These reflections trace how over some thirty-five years as a criminologist, the author's thinking has evolved, principally to replace notions of 'crime' and 'criminal justice' with the notions of 'violence' and 'peacemaking'. Pepinsky traces the evolution of the criminal justice system in the United States since 1973. He discusses how he came to embrace the radical feminist view that patriarchy and the 'politics of fear' can provide explanations for the rise in incarcerations in the US, as well as for other forms of systemic power in society. The author's own current research paradigm rests on the concepts of 'violence' and 'peacemaking', which are explored and defined in turn. The book concludes with practical suggestions on how to transform violence, as defined herein, into safety, security, and trust among those involved in conflict.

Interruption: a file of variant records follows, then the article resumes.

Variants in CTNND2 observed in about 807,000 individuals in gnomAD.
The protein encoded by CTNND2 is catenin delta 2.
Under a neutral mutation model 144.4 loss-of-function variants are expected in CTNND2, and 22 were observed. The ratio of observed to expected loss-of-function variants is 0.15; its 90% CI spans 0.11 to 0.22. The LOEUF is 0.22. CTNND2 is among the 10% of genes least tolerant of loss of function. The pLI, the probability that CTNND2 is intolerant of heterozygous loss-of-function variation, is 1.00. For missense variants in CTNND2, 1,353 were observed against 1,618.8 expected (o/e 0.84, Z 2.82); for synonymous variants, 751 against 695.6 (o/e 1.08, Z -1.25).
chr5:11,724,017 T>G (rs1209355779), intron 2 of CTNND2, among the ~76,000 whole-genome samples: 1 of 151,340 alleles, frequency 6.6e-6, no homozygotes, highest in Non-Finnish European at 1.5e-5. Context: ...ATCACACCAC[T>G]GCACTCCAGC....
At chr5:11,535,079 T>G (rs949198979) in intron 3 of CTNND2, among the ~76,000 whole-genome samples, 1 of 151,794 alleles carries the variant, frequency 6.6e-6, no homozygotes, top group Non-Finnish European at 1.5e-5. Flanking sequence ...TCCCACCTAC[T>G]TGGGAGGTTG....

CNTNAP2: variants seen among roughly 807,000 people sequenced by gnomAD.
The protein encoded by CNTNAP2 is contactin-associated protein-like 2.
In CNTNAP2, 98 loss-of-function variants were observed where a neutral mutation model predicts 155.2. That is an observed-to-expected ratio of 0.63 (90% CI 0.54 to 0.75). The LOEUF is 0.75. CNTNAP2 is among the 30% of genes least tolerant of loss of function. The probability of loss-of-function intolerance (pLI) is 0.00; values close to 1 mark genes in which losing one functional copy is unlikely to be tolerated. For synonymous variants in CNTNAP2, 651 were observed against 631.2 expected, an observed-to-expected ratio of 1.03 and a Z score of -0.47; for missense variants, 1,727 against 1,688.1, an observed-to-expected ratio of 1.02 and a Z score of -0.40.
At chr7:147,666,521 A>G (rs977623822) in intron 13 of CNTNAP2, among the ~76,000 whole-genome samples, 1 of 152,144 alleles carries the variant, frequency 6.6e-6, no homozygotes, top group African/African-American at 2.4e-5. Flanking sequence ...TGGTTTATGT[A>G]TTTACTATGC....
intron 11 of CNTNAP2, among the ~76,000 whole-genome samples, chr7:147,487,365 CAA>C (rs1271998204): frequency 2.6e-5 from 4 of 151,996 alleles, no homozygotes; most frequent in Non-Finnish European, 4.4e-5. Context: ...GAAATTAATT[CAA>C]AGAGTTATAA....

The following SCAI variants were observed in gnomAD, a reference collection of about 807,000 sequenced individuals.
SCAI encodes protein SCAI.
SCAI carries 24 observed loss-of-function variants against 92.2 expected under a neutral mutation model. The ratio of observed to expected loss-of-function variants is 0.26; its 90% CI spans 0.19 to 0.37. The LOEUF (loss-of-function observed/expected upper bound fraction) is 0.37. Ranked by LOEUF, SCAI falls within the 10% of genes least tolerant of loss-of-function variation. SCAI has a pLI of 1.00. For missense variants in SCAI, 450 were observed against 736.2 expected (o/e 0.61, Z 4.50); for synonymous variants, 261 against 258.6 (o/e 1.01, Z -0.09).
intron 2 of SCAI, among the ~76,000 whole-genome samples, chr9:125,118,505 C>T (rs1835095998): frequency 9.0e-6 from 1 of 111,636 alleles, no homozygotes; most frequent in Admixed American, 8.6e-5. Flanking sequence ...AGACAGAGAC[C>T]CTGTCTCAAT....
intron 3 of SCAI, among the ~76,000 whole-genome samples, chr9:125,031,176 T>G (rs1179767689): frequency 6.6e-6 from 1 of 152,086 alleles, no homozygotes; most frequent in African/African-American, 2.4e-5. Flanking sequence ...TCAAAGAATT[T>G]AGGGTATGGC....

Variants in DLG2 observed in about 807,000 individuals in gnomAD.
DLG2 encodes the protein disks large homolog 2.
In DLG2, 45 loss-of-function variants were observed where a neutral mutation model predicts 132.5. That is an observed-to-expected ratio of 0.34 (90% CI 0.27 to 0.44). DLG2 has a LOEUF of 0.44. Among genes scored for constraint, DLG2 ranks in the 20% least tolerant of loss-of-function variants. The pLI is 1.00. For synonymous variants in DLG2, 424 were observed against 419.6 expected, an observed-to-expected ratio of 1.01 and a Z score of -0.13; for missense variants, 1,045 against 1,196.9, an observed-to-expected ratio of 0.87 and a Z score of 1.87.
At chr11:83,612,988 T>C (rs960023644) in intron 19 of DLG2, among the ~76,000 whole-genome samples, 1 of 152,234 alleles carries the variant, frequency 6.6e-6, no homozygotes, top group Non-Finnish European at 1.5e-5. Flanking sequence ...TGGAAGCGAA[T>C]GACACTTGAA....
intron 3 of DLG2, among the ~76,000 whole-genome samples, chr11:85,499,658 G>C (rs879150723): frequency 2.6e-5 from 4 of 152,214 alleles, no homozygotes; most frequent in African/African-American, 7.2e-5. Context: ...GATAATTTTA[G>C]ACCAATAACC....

Hal Pepinsky is a professor of Criminal Justice at Indiana University, where he has taught since 1976. He is the author and editor of nine volumes, and some 90 articles and chapters. He is regarded in criminal justice circles as the co-founder of a school of thought called "peacemaking criminology," after a book he edited with Richard Quinney in 1991, Criminology as Peacemaking.